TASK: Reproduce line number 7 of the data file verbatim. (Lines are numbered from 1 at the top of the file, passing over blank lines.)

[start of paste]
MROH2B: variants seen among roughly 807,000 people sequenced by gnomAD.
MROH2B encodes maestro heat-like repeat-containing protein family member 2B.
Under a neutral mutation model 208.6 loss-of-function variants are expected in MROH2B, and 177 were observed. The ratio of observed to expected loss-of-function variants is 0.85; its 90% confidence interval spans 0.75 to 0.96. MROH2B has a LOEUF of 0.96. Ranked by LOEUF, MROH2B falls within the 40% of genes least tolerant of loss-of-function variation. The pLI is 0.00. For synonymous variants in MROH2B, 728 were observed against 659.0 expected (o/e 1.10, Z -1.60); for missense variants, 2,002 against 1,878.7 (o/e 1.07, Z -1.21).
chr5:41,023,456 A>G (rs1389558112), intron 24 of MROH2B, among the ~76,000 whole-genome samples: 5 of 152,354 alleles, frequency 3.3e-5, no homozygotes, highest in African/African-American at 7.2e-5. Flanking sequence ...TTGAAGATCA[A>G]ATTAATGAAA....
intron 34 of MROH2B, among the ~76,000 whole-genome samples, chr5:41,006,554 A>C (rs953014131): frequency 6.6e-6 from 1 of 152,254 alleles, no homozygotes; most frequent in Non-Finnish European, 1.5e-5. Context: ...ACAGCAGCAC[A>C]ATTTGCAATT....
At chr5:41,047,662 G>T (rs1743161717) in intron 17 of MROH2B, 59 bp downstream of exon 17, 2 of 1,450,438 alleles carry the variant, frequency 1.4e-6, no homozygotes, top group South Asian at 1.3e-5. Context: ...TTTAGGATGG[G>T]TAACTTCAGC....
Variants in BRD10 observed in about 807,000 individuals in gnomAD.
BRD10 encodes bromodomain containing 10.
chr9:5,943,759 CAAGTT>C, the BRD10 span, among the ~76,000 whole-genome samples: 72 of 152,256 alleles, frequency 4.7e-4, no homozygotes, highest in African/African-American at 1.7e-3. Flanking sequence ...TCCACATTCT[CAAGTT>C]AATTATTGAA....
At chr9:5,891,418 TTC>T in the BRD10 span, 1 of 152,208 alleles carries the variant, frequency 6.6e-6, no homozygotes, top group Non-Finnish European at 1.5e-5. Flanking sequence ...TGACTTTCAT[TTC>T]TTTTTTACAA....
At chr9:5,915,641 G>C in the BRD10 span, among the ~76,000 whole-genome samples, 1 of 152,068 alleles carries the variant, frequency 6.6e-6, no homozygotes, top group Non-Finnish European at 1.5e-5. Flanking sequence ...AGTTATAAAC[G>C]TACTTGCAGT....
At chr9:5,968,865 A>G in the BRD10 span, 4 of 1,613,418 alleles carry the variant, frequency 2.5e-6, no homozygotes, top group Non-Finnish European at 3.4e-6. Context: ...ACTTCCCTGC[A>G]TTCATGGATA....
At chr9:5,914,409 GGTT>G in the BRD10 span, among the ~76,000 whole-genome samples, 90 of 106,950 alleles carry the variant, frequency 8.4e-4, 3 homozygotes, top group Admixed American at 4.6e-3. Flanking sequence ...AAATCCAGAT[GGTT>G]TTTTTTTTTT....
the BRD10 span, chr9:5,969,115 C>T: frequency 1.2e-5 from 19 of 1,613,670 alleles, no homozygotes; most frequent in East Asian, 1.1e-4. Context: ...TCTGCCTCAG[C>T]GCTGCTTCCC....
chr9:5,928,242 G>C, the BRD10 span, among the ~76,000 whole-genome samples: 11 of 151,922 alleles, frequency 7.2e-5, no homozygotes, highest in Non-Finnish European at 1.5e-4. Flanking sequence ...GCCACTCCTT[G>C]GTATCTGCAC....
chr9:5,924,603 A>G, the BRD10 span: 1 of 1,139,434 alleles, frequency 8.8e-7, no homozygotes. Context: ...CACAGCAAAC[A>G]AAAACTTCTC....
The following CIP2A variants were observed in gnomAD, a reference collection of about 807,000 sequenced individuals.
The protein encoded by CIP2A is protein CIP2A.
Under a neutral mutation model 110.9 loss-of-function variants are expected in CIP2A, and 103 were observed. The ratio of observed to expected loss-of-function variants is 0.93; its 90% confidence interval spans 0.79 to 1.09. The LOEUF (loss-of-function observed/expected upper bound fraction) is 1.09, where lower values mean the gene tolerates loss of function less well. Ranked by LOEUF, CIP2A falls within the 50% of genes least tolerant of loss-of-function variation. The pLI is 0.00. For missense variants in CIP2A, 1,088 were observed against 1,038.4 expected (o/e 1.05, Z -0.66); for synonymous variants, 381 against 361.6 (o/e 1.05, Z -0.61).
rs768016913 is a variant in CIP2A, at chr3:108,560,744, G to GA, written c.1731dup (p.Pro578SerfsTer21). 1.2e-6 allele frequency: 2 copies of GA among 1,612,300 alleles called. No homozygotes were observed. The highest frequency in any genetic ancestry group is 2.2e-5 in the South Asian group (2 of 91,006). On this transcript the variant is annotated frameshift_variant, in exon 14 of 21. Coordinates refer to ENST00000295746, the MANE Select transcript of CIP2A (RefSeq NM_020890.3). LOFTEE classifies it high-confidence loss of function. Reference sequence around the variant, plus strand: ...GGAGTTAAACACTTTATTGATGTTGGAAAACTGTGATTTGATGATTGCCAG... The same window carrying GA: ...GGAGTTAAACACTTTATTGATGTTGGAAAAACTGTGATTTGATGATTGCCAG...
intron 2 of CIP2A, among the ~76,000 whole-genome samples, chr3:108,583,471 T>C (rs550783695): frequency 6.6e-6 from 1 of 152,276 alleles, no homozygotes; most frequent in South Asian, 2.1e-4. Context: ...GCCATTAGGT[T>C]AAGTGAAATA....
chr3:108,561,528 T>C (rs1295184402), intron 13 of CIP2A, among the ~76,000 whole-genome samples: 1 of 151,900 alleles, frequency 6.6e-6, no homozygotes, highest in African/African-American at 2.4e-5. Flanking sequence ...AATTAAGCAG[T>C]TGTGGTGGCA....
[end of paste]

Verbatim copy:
Variants in BRD10 observed in about 807,000 individuals in gnomAD.